It seems the USA is determined to attest its dominance in the field of artificial intelligence. In August 2020, the Trump administration announced that The National Science Foundation and the Department of Energy have allocated $1 billion for advanced research in AI and quantum information. The investment will lead to the foundation of 12 new AI institutes and quantum information science (QIS) research institutes.
The funds will be directed toward AI Research Institutes under the supervision of NSF and QIS Research Centers led by DOE. The $1 billion will be allocated for a period of five years in order to achieve advancements in fields like machine learning, computer vision, and quantum computing. The USA is aware of AI’s importance for the “21st-century American workforce” and national economic growth.
$140 million for seven AI research institutes
The $140 million will be equally divided between seven AI research institutes. Their mission will be to innovate in sectors like machine learning, synthetic manufacturing, advanced agriculture, and forecasting prediction, as well as support education and workforce development. All the new AI institutes will be university-based. The research institutes will be housed at the University of Oklahoma, University of Texas, University of Colorado, University of Illinois, Massachusetts Institute of Technology, University of California, and the University of Illinois at Urbana-Champaign.
Each of the institutes will focus on advancing AI in fields like targeting weather, developing new materials, digital learning, remote learning, neural architecture optimization, molecular breeding, as well as soft object manipulation and human-robot interaction directed toward solving agricultural challenges.
$625 million for five QIS Research Centers
The DOE will be investing $625 million to create quantum information science research centers that will focus on quantum networking, materials manufacturing, and computing. The funds will be divided over the course of five years to the QIS research centers established at the Argonne National Laboratory, Brookhaven National Laboratory, Fermi National Accelerator Laboratory, Lawrence Berkeley National Labor, and Oak Ridge National Laboratory.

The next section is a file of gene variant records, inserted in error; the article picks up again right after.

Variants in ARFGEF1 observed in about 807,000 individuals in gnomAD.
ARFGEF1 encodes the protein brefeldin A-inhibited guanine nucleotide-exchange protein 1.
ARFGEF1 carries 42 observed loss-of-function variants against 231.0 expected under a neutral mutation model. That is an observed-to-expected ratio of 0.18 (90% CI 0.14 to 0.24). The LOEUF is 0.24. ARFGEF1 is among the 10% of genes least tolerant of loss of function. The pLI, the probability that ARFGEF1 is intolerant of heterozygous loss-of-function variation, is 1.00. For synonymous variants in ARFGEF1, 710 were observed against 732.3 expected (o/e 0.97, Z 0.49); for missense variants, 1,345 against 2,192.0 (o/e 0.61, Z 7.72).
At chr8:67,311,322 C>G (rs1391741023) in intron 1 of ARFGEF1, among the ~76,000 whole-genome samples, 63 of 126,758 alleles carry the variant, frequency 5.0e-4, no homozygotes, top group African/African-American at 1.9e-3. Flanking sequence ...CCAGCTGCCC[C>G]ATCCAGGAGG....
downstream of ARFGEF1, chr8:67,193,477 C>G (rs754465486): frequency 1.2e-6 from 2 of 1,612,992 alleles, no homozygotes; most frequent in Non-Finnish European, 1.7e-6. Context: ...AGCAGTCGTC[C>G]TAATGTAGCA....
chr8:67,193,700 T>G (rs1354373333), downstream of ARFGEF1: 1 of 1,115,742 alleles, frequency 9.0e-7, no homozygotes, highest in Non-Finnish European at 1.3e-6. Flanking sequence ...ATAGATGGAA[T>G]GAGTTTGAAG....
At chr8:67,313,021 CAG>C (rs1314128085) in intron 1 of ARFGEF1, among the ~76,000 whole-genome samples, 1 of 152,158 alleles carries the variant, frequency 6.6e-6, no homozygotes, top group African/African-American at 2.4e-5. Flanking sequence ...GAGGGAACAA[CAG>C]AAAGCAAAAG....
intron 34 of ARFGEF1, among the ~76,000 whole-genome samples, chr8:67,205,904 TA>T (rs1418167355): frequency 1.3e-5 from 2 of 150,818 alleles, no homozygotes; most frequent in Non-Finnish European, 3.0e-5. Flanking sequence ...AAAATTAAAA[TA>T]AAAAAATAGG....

The research centers mentioned above will focus on quantum technology, software optimization, quantum error correction, development of superior quantum systems, development of applications like neutral atoms, and superconducting circuits, as well as advancing the field of quantum state resilience and scalability.
The government believes that quantum science will play an important role to promote and protect the country’s national interests and the U.S. Under Secretary for Science Paul Dabbar stated that this sector might prove to even more impactful than artificial intelligence.
Moreover, the investment caught the attention of tech giants, like Microsoft and Intel that have already committed staff and equipment to contribute to the establishment of these institutes. In addition, the state of Illinois will build two new buildings to house the laboratories for quantum research.
However, $1 billion is not enough to position the US as the leader in AI and quantum computing. In 2020, the EU has increased the annual funds allocated to AI by 70% directing $1.69 billion for AI research, while France on its own directed $1.69 billion to AI advancement with the aim of becoming a global leader in the field of artificial intelligence research and training. South Korea keeps up with the giants of the world and has invested $1.95 billion in AI directed to the establishment of six AI-focused graduate schools.